Thursday, September 07, 2006

Pixelus Maximus

Copyright 1993 TecMagik

I couldn't resist. Back before I became the mighty gaming magnate I am today, I was a humble pixel jockey. I worked on a number of games for the Super Nintendo Entertainment System at a small development house in Issaquah, Washington. The company was called Manley & Associates (later the late EA Seattle). It was my first job in the game industry.

This is from the Pink Goes To Hollywood sidescroller Manley developed for TecMagik, starring the license-alicious Pink Panther. I noticed most of the development credit on the web is incorrectly copied from the Sega Genesis port by a different studio, which was in fact based on Manley's SNES version.

The picture is made up of sprites and background tiles I created for the Robin Hood themed level using the venerable workhorse of game art: Deluxe Paint from Electronic Arts. This dates from 1993, the heyday of 16-bit consoles.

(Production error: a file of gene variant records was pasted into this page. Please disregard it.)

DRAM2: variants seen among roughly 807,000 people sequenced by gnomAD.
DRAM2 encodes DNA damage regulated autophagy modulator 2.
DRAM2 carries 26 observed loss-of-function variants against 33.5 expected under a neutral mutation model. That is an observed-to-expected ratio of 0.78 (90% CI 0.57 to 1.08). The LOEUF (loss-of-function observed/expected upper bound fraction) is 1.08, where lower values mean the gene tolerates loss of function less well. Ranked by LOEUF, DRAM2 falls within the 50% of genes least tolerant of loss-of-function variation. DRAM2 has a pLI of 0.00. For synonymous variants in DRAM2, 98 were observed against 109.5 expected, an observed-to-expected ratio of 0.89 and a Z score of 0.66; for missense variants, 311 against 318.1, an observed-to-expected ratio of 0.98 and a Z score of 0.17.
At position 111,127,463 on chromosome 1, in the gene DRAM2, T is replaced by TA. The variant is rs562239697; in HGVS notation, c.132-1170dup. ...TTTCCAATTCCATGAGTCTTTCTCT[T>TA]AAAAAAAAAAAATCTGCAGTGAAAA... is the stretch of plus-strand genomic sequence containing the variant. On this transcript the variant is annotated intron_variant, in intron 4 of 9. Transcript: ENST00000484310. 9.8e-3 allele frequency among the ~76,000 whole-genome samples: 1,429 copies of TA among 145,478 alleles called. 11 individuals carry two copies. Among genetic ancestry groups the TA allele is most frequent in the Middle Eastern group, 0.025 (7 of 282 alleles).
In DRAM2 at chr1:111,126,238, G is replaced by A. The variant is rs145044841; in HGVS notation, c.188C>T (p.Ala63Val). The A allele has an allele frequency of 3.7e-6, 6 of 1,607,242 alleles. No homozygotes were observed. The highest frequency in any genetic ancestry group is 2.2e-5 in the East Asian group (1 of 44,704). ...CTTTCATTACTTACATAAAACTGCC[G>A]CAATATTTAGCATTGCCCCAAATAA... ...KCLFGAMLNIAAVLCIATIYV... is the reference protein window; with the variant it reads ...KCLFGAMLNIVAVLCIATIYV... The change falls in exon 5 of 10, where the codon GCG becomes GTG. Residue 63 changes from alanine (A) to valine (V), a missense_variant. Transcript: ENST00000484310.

Just look at those luscious pixels! Ye gods, they're huge! They could put an eye out. These are pixels to be reckoned with. I used to name each of them. The one in the upper left is Chet. A family of five could live inside pixels like that. Each 16x16 tile only had 16 colors, all of which strained my 386 running Norton Commander to the limit. You had to make each one count. None of this willy nilly RGB stuff. There was no spooling your bloated assets to a hard drive. Nosiree.

Screenshots were usually pretty lousy back then. By the time they were screengrabbed, separated into CMYK and printed in magazines (there wasn't much of an Internet yet), you usually ended up looking at a mushy little postage stamp. So, here is some stuff from the original assets in all it's glory. Savor the days when game art was like a mosaic floor in a very fancy bathroom.

Heeeyyy... There's an idea.


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